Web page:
Thursday, 28 July 2011

The loneliness of the long-distance writer... or misery loves company?

I will hand in my PhD thesis this September. It is official. I handed in a form today that says as much.

Right now, two months seems like both an incredibly long time to be refining a document and an incredibly short time to finish everything off satisfactorily. Having spent July intensively writing up my thesis work (then getting ill, then getting back to the intensive write-up), I'm starting to produce something that I feel really proud of, slightly sick of and which continually surprises me with where it takes me, even now that all the data is collected and collated.

What has really surprised me during this time is the little community of 'writer-uppers' and 'finishers' that has developed around me.

I'd expected that these few last months of PhD would be lonely, spent mostly in front of a computer screen. That has turned out to be half true: the computer screen and I have become extremely well acquainted.

But... there seems to be so many people around me who are in the same boat, aiming for that September deadline. Even those not doing PhDs seem to be getting into the act, with contracts finishing in September, new jobs starting then, gig calendars starting to look towards October, etc. If I'm stressing about a particular problem in the thesis, or going slightly numb from trying to turn a dry set of numbers into some fascinating facts, then I don't have far to look before I find someone who can emphathise, or someone for a tea break.

So despite the title of this blog post, the tail end of the PhD tale isn't turning out to be like the loneliness of the long distance runner, bravely struggling on alone in the face of all adversity and difficulty. In all honesty it hasn't been that miserable either - in fact on occasion it has even been... almost... enjoyable! (I may have to keep reminding myself of that sometimes in the near future though?)

So, enough procrastination - it's back to the dry sets of numbers then. 2 months and counting till hand-in and the start of the next challenge.

Friday, 22 July 2011

The perils of word counts in LaTeX

I'm currently writing up my thesis. I am writing it in LaTeX, which for the uninitiated means that rather than writing it in Word or similar, I write it in a text file and include lots of formatting commands around the thesis to say `this bit should be emphasised' or `this bit is a subsection', then LaTeX produces a pretty pdf file from my text file.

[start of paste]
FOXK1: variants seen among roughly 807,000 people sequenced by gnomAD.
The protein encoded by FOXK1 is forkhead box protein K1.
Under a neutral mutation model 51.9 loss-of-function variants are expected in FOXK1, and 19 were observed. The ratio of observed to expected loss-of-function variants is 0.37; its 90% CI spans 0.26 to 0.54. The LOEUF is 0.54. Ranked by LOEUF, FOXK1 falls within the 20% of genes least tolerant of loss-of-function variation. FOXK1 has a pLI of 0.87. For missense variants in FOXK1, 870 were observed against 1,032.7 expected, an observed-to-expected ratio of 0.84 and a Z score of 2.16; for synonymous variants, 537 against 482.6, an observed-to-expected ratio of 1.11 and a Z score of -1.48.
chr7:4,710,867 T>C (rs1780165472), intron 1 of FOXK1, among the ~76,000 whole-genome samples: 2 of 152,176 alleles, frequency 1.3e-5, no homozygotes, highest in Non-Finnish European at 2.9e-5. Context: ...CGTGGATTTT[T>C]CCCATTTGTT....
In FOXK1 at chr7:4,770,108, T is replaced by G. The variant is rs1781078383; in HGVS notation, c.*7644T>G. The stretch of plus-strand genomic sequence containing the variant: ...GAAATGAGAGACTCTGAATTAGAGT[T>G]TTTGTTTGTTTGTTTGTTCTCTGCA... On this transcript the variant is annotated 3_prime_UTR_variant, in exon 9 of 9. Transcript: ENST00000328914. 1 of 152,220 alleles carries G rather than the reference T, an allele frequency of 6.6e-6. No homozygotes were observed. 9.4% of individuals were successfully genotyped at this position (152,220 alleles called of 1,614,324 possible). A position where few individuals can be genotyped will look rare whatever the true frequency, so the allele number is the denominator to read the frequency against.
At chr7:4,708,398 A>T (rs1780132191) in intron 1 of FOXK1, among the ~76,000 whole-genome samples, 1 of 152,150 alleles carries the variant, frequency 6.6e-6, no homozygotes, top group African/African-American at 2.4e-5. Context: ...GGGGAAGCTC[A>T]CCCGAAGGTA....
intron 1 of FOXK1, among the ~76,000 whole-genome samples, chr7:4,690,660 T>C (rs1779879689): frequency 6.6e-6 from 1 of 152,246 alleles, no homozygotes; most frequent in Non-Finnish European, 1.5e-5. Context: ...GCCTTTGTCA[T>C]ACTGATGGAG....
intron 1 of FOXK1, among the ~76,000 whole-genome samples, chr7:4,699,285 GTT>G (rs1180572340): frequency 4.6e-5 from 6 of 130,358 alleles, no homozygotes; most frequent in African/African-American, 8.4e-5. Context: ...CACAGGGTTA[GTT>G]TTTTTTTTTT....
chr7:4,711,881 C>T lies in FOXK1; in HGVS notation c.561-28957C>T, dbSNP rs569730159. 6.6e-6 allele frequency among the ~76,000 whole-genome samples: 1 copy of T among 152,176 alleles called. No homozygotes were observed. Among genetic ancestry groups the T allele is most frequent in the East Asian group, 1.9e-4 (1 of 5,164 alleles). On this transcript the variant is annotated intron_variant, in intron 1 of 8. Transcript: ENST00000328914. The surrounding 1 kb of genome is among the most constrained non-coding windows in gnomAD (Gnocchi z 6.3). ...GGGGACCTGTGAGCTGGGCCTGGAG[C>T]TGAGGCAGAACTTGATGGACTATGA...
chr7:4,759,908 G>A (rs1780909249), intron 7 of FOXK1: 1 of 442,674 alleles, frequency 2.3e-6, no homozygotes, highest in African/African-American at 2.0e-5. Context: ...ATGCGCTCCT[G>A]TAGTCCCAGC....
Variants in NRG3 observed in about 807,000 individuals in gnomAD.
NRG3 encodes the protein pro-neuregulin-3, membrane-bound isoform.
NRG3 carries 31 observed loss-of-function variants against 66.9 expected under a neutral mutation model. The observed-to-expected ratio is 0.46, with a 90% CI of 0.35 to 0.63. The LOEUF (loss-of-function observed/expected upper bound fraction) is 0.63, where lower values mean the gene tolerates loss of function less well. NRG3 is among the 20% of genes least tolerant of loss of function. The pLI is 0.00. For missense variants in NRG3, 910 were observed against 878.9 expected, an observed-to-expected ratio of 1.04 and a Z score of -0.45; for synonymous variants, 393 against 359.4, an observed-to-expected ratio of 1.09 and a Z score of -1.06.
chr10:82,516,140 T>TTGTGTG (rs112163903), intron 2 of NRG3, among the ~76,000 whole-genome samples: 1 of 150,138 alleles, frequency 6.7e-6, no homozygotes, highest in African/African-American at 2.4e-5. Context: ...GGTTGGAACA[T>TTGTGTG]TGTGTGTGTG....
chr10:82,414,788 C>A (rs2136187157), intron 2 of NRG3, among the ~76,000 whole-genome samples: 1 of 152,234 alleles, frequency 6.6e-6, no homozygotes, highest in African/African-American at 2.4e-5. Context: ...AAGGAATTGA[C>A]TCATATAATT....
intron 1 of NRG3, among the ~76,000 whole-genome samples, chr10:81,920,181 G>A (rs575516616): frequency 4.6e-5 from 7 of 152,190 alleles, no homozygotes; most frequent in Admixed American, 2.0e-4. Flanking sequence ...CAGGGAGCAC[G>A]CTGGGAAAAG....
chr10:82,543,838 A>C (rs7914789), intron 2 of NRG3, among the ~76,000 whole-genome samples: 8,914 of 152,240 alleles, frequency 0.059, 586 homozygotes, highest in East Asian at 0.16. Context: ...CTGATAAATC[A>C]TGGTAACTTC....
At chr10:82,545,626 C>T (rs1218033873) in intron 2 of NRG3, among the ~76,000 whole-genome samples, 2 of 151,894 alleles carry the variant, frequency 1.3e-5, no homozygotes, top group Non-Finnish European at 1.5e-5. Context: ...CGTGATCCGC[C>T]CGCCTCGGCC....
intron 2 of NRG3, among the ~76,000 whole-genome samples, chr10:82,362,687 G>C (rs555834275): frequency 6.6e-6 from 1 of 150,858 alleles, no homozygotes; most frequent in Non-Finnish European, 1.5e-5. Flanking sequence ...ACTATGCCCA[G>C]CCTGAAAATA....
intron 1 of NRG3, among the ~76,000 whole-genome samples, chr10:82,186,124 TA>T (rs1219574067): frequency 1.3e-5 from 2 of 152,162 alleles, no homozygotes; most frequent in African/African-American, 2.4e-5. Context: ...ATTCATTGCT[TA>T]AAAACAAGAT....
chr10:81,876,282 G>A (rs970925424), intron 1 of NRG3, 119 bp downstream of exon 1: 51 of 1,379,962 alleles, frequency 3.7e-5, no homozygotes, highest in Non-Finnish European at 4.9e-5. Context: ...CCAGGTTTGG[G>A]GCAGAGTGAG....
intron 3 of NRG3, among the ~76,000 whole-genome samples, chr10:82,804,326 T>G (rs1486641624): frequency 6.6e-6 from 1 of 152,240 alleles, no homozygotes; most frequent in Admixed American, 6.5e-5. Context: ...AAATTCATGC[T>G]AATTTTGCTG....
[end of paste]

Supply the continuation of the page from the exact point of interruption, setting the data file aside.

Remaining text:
Like any self-respecting numbers girl, I like to keep a watch on how many words I have written that day, and in total. Although I don't have a word limit to adhere to, hitting a good word count for a day makes me feel like I've done good work, even if a lot of it gets cut later...

For a while now I've been dubious about the word counter I've been using: the inbuilt Statistics word counter in TeXShop, which works using detex | wc -w , or in plain English, it strips the thesis file of all the formatting commands and then counts the number of words left. According to this word counter, I have 61138 words, but I've noticed that this total tends to fluctuate: there have been days where I've written a lot and have ended up with less words than I started with.

Trying some alternatives out:

  • texcount *.tex: 60239 in text + 1457 in headers + 2469 in captions = 64165
  • ps2ascii thesis.pdf | wc -w: 83415 (but this includes the bibliography which is currently 7686 words and any appendices text) 
  • copying and pasting the text into OpenOffice: 75222
  • copying and pasting the text into Word: 74664
  • copying and pasting the text into TextWrangler (a Mac text editor): 74093

So I've anything between 61000 and 83000 words. TeXShop's statistics is instant but inaccurate. Texcount takes about 30 seconds to process then a quick calculation has to be done. ps2ascii also takes a little while and doesn't separate the thesis text from the bibliography/appendices. Copying and pasting, sadly, looks the most accurate (though now I have no idea how many words I've actually got...)

What I mostly want is a tool that measures progress very quickly, for some motivation - so I'll probably stick with TeXShop's Statistics or use texcount, after all of that!

As my housemate says, however,
it doesn't really matter if its 60 or 80 or 100,000 words, just finish it!

Right then: enough procrastination, back to the writing...
PS Must mention the excellent LaTeX tutorials written by Andrew Roberts.